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By Ilana Lindsey | December 7, 1998

One would hope that a film that boasts a cast containing Gabriel Byrne, Lena Olin, and Claire Danes would have something entertaining to offer – an interesting performance or two at the very least. Unfortunately, writer/director Theresa Connelly’s debut feature is a messy conglomeration of unconvincing poetics and dull slapstick comedy. While there is no clear protagonist the story basically revolves around Chala Pzoniak, played forgettably by Danes, as a young second-generation Polish girl exploring her sexuality in Detroit. She’s elected to lead her church’s March of the Virgin days after discovering that she’s pregnant. Meanwhile, her parent’s marriage is slowly disintegrating primarily because Chala’s mother (Olin) is having an affair. Eventually the different tensions and events converge in a sloppy climax in which many people run around shouting.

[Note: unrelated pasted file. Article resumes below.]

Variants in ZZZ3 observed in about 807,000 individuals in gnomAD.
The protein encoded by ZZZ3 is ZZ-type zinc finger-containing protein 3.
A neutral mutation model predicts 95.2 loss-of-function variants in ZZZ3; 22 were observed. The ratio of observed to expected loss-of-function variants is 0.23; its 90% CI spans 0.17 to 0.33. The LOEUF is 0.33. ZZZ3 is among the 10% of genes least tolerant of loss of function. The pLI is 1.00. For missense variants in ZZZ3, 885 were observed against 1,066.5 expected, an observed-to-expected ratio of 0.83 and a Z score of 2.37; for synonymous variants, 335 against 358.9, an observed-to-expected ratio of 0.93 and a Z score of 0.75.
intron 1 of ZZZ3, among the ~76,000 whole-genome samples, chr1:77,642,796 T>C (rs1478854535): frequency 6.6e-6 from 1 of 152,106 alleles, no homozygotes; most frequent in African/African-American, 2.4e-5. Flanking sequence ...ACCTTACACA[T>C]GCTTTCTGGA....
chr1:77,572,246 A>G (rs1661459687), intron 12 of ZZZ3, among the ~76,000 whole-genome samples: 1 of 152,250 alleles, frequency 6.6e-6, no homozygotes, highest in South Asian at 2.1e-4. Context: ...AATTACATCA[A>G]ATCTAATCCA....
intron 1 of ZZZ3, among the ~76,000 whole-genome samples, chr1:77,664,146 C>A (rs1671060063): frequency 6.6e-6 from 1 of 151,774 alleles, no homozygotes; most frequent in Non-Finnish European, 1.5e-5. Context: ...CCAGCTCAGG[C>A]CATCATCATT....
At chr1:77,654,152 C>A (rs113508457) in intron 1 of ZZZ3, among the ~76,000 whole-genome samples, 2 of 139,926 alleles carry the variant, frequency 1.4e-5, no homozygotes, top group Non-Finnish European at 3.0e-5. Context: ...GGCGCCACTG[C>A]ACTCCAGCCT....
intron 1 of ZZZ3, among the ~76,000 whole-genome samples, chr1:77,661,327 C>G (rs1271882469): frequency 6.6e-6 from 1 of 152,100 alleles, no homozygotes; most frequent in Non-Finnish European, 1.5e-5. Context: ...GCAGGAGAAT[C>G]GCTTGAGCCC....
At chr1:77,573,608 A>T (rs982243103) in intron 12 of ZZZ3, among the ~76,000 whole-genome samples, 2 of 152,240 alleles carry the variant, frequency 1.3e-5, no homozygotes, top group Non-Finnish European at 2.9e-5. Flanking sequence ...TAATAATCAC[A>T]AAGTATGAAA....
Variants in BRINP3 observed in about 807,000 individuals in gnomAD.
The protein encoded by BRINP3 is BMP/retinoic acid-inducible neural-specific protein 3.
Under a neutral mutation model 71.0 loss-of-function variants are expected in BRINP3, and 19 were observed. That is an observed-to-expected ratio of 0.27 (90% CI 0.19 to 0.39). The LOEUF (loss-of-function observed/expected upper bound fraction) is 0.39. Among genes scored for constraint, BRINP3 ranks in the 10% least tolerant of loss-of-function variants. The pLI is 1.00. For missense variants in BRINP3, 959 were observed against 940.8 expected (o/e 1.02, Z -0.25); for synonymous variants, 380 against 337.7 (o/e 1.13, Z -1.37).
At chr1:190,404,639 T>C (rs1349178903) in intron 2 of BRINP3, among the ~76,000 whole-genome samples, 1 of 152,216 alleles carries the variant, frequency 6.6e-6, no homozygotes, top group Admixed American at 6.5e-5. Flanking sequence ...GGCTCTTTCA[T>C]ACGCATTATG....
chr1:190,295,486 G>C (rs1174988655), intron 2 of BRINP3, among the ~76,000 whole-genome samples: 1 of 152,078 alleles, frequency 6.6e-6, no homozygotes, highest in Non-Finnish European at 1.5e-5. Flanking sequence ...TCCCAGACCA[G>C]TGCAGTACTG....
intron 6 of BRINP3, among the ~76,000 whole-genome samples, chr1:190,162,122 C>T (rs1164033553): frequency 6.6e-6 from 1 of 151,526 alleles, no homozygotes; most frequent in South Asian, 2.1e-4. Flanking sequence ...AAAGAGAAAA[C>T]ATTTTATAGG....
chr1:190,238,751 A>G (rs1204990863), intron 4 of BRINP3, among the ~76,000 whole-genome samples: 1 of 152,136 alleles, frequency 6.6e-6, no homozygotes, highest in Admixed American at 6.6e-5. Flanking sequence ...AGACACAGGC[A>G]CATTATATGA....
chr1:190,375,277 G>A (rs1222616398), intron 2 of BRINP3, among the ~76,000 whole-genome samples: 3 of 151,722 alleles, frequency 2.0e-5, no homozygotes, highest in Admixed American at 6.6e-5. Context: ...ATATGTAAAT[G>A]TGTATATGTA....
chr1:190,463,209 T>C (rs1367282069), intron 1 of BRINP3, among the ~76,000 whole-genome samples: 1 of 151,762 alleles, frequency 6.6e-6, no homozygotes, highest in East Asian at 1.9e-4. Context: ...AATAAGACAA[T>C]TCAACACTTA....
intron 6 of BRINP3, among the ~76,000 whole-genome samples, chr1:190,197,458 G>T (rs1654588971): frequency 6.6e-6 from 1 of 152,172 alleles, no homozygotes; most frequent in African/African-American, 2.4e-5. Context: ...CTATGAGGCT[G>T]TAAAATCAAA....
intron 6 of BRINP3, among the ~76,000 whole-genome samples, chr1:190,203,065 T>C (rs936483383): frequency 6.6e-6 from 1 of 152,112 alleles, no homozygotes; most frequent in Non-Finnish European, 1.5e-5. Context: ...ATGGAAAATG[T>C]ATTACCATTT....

As a character driven study of a family, the film tries to focus on the tension created by the merging of old and new worlds and values. The narrative, however, is haphazardly structured and never gives one any reason to be interested in the lives of the rather silly characters. Connelly’s awkward direction demonstrates no flair for the cinematic and she elicits stiff, jerky performances from normally impressive actors. The dialogue is simply bizarre and sprinkled with oddly anachronistic phrases. How likely is a teenager in contemporary Detroit to say, “scram,” or, “Stick that in your pipe and smoke it”? Ultimately, the story is uninvolving, indecipherable and dull with amateurish editing making some plot elements unintentionally mysterious.

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